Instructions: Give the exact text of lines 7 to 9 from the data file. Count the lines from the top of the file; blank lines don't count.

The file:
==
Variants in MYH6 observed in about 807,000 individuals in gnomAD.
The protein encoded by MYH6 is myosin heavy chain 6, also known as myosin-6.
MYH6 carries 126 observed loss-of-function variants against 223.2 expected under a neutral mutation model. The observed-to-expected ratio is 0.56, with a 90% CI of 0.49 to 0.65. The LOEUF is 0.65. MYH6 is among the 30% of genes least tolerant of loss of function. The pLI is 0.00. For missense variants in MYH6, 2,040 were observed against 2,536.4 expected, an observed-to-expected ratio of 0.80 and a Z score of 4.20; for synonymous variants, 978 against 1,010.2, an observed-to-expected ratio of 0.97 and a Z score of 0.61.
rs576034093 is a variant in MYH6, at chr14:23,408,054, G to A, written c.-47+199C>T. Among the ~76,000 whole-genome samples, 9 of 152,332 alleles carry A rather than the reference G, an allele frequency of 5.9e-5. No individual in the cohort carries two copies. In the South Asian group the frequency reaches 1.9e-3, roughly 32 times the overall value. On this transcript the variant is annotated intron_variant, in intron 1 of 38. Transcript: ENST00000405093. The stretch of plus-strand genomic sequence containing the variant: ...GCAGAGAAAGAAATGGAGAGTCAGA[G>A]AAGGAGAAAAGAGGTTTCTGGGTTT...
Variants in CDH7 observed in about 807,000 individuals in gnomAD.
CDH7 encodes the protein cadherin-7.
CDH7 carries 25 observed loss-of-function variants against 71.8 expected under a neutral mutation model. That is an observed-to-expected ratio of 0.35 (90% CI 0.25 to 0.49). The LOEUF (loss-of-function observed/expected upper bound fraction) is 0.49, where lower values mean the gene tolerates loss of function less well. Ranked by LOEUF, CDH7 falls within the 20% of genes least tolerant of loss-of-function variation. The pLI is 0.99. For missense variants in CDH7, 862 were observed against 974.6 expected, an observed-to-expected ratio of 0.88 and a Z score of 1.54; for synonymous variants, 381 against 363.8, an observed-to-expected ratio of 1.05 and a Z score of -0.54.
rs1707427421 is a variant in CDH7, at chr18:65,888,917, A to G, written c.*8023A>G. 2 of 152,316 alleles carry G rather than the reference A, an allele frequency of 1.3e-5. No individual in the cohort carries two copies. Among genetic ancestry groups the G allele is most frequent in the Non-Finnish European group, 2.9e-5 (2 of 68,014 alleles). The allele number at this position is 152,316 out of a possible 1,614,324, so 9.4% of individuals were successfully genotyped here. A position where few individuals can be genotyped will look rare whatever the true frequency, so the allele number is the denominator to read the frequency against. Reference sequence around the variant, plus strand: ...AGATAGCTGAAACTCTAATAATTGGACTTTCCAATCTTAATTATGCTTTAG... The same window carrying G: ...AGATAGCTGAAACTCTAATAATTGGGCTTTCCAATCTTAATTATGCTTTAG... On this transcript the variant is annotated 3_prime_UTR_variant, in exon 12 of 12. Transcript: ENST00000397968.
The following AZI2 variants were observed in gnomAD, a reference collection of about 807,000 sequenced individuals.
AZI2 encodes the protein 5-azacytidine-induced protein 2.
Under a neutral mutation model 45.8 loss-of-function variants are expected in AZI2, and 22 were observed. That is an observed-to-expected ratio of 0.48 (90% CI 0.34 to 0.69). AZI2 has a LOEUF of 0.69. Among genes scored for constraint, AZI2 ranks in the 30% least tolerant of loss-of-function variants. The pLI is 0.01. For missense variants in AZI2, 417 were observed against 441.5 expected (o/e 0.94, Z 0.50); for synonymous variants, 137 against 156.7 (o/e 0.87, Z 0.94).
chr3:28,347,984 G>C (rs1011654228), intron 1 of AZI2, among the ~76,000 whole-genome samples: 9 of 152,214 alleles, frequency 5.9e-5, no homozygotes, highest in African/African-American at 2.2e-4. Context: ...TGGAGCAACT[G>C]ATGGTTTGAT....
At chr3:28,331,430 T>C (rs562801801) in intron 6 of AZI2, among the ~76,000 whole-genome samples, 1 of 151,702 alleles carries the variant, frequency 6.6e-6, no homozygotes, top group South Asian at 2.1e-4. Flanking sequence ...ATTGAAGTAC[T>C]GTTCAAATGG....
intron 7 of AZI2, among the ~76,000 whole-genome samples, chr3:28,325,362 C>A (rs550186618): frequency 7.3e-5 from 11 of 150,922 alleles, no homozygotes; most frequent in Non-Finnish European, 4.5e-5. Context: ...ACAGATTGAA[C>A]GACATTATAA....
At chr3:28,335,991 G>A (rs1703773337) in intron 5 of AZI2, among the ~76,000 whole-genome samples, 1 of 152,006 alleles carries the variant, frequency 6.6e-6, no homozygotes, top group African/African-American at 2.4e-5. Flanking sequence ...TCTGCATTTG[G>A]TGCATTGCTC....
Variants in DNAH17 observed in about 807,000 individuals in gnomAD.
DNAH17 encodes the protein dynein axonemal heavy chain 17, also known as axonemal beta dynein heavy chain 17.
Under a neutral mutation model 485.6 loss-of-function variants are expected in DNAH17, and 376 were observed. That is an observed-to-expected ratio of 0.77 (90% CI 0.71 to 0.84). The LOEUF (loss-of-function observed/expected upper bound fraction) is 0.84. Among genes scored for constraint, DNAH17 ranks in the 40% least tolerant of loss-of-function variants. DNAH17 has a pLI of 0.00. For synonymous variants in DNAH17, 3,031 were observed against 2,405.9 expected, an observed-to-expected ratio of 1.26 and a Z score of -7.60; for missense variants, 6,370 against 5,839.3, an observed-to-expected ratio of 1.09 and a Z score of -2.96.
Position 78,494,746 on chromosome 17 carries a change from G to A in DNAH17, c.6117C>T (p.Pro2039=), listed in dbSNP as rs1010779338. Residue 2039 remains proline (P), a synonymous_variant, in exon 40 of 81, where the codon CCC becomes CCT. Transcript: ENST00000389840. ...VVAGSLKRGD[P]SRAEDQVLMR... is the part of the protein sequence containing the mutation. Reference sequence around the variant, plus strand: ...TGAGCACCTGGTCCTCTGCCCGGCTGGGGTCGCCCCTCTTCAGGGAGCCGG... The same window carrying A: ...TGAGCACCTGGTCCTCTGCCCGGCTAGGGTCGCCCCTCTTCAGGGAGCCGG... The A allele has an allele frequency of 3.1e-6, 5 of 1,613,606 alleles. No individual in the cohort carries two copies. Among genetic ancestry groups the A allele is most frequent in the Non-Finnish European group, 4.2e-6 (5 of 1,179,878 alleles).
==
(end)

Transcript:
CDH7 carries 25 observed loss-of-function variants against 71.8 expected under a neutral mutation model. That is an observed-to-expected ratio of 0.35 (90% CI 0.25 to 0.49). The LOEUF (loss-of-function observed/expected upper bound fraction) is 0.49, where lower values mean the gene tolerates loss of function less well. Ranked by LOEUF, CDH7 falls within the 20% of genes least tolerant of loss-of-function variation. The pLI is 0.99. For missense variants in CDH7, 862 were observed against 974.6 expected, an observed-to-expected ratio of 0.88 and a Z score of 1.54; for synonymous variants, 381 against 363.8, an observed-to-expected ratio of 1.05 and a Z score of -0.54.
rs1707427421 is a variant in CDH7, at chr18:65,888,917, A to G, written c.*8023A>G. 2 of 152,316 alleles carry G rather than the reference A, an allele frequency of 1.3e-5. No individual in the cohort carries two copies. Among genetic ancestry groups the G allele is most frequent in the Non-Finnish European group, 2.9e-5 (2 of 68,014 alleles). The allele number at this position is 152,316 out of a possible 1,614,324, so 9.4% of individuals were successfully genotyped here. A position where few individuals can be genotyped will look rare whatever the true frequency, so the allele number is the denominator to read the frequency against. Reference sequence around the variant, plus strand: ...AGATAGCTGAAACTCTAATAATTGGACTTTCCAATCTTAATTATGCTTTAG... The same window carrying G: ...AGATAGCTGAAACTCTAATAATTGGGCTTTCCAATCTTAATTATGCTTTAG... On this transcript the variant is annotated 3_prime_UTR_variant, in exon 12 of 12. Transcript: ENST00000397968.
The following AZI2 variants were observed in gnomAD, a reference collection of about 807,000 sequenced individuals.